A pair of event times, defined as *X* for the first event and *Y* for the second, follow some joint probability density distribution *f _{X,Y}*(

$$f\left(x,y\right)=\frac{1}{2\pi {\sigma}_{x}{\sigma}_{y}\sqrt{\left(1-{\rho}^{2}\right)}}\mathrm{exp}\left[\frac{-1}{2\left(1-{\rho}^{2}\right)}\left[{\left(\frac{x-{\mu}_{x}}{{\sigma}_{x}}\right)}^{2}+{\left(\frac{y-{\mu}_{y}}{{\sigma}_{y}}\right)}^{2}-2\rho \left(\frac{x-{\mu}_{x}}{{\sigma}_{x}}\right)\left(\frac{y-{\mu}_{y}}{{\sigma}_{y}}\right)\right]\right]$$

(1)

whereas *F*(*x*, *y*) takes the following form (equation 2):

$${F}_{X,Y}\left(x,y\right)=\underset{-\mathrm{\infty}}{\overset{x}{\int}}\underset{-\mathrm{\infty}}{\overset{y}{\int}}f\left(x,t\right)dsdt$$

(2)

Because there is no closed expression for *F _{X,Y}*(

In the case of interval censoring, *X* and *Y* are not observed directly, but are known to fall within a certain interval; in the case of left and right censoring, the end point of the interval is negative or positive infinity, respectively. These intervals are indicated as (L_{x}, R_{x}) for the interval containing x, and (*L _{y}*,

This method was used to estimate the correlation between age at entry into Tanner stage 2 (or greater, if stage 2 is not observed) of breast and of pubic hair development among girls participating in the ALSPAC (8). The physical development of this cohort has been assessed by the use of annual questionnaires that ascertain Tanner stage of breast and pubic hair development (self-assessed at time of questionnaire completion), mailed to participants from the ages of 8 to 14. Because data were collected annually, entry into breast and pubic hair development is known to occur within intervals defined by timing of questionnaire completion. The median age at entry for each marker and accompanying standard deviation were calculated by the use of the LIFEREG procedure in SAS (SAS Institute, Cary, NC), with interval censoring and the normal distribution specified. This median age is equivalent to the mean, attributable to the normal distribution assumption and the fact that the event occurs within a very specific timeframe during which there are no outliers or skewness. Then, the likelihood procedure was implemented in SAS by use of the PROBBNRM function to estimate the cumulative distribution function of the bivariate normal distribution.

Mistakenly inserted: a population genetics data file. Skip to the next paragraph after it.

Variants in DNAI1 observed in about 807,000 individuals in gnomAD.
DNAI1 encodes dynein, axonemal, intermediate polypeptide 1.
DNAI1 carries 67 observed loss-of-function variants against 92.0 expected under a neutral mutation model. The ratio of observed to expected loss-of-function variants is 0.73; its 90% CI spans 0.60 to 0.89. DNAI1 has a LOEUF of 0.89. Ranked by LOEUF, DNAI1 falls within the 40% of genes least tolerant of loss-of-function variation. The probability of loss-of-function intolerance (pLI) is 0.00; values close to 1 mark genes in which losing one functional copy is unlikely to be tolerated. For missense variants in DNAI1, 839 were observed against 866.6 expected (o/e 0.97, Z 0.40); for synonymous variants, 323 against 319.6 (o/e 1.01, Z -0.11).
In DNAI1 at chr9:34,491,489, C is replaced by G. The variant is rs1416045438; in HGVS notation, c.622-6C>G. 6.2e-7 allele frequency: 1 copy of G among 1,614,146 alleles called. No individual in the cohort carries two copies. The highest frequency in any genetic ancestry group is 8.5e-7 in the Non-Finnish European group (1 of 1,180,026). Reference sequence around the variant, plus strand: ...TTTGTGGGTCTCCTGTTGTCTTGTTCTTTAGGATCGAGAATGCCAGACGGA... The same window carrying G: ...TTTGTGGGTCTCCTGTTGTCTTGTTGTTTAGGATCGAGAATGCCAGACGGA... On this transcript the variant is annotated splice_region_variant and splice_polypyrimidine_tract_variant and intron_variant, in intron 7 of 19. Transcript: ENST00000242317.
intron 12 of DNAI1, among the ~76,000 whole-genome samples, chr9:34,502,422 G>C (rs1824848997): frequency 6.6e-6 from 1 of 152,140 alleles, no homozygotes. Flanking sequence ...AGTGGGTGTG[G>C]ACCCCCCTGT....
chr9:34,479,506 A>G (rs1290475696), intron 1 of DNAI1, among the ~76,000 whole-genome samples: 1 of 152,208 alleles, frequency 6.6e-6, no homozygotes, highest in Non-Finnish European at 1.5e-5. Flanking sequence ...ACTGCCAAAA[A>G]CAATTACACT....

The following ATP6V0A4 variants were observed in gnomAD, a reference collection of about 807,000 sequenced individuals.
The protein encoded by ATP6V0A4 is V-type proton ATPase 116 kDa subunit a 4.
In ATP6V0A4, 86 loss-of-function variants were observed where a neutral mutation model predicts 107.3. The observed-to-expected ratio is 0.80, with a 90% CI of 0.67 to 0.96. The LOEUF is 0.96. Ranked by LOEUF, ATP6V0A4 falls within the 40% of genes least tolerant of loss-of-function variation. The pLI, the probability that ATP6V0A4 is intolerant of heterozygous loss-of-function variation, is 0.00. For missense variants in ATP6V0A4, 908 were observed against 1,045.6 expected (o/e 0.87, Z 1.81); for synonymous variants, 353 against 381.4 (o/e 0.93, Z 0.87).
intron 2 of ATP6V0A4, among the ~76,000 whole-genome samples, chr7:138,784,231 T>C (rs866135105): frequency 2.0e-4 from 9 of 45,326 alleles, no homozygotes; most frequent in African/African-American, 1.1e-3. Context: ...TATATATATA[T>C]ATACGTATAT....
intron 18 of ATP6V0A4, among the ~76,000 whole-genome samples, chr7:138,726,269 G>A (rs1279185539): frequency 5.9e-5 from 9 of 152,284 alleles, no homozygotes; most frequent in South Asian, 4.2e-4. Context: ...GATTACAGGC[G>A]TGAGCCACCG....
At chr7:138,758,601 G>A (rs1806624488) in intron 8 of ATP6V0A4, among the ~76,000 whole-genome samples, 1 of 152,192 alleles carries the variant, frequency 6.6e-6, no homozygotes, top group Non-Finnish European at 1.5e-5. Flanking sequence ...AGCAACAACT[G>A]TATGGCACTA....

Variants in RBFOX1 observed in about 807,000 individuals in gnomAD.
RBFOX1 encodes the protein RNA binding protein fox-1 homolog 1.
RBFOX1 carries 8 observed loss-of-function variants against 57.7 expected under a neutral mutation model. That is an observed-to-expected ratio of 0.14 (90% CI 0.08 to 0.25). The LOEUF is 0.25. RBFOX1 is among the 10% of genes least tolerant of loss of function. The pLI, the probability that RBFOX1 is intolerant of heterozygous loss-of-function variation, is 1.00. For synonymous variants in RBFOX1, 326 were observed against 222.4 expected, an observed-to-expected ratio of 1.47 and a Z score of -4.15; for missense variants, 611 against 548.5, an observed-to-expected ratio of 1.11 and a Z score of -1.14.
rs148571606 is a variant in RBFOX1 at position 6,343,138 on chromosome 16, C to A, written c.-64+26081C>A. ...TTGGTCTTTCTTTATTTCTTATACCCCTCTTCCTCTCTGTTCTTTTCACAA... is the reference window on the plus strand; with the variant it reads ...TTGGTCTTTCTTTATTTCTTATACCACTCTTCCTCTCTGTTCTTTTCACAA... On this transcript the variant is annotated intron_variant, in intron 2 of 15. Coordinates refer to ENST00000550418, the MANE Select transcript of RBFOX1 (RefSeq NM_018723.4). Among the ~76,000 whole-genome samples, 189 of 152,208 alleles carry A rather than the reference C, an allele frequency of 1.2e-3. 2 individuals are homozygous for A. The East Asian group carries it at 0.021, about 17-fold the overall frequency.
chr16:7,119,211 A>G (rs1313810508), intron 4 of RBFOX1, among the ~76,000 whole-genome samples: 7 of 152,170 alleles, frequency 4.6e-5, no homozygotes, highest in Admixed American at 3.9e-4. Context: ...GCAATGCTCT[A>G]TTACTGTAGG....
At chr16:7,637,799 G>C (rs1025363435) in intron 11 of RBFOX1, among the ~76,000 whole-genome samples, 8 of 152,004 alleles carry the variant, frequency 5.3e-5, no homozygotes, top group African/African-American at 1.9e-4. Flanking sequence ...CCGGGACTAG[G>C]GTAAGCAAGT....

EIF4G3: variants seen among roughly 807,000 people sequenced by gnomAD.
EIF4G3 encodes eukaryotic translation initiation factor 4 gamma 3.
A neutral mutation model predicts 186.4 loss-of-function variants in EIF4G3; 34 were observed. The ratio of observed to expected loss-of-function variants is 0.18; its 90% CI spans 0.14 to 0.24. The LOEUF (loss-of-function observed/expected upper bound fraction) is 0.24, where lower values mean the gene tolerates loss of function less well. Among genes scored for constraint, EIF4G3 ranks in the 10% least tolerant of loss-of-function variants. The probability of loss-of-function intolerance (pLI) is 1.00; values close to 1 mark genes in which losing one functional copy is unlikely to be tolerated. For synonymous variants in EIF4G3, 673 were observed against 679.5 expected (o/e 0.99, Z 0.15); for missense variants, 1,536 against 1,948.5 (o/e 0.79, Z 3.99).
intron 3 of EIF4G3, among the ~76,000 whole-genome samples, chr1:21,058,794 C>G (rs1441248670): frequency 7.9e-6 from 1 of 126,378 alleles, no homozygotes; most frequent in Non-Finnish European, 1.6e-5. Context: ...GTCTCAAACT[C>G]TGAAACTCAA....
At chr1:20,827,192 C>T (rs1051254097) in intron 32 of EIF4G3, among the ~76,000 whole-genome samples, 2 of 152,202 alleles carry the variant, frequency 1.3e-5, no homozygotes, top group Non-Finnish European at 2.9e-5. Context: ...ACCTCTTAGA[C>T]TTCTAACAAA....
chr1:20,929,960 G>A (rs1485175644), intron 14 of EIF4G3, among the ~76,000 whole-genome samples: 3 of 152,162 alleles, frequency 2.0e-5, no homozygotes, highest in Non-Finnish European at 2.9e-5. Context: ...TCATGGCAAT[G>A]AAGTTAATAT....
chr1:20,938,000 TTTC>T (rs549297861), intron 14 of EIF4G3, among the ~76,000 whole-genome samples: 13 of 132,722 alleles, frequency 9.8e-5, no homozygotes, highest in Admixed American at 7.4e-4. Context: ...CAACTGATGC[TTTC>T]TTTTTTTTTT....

To determine whether the correlation between ages at entry into breast and pubic hair development is a function of some underlying variable, the analysis was repeated for selected maternal and child characteristics that are not intermediate between breast and pubic hair development and are known to be associated with pubertal development. These included mother's prepregnancy body mass index (BMI), birth order, child's BMI at age 8, and child's race. Human subject protection was assessed and approved by the ALSPAC Law and Ethics Committee, the Local Research Ethics Committees, and the Centers for Disease Control and Prevention Institutional Review Board.

There were 3938 participants with information on breast and pubic hair development. Among these girls, the mean ages at entry into breast stage 2 and pubic hair stage 2 were estimated to be 10.19 (SD 1.52) and 10.95 (SD 1.42). There were 1000 girls who were left censored for age at entry into breast stage 2, and 608 who were left censored for age at entry into pubic hair stage 2; 469 and 712 girls were right censored for age at entry into breast and pubic hair stage 2, respectively. For these girls, the left interval end point was set at (μ – 4*σ) and the right interval endpoint at (μ + 4*σ) as appropriate, where μ and σ represent the estimated mean and standard deviation of age at entry, respectively. The likelihood was evaluated over the range of the correlation coefficient ρ, from −0.999 to 0.999. The negative of the natural log of the likelihood was minimized when ρ reached a value of 0.50.

The correlation between ages at entry into breast and pubic hair stage 2 was similar between subgroups on the basis of maternal and child characteristics associated with pubertal development (Table 2). The greatest difference was found by BMI. The correlation was greatest among girls who were underweight (0.59) or whose mothers were underweight (0.57) and lowest among girls who were overweight or obese (0.31–0.41) or whose mothers were classified as obese (0.41). Correlations ranged from 0.46 to 0.57 when birth order was examined and from 0.50 to 0.53 depending on child's race.

To evaluate the performance of the maximum likelihood approach, the correlation was also estimated by the use of either the end of the interval (i.e., age at completing questionnaire where event is first recorded) or the midpoint of the interval (i.e., age intermediate between questionnaires immediately preceding the event and where event is first recorded). These approaches did not substantially change the estimate of ρ (ρ = 0.56 and 0.50, respectively).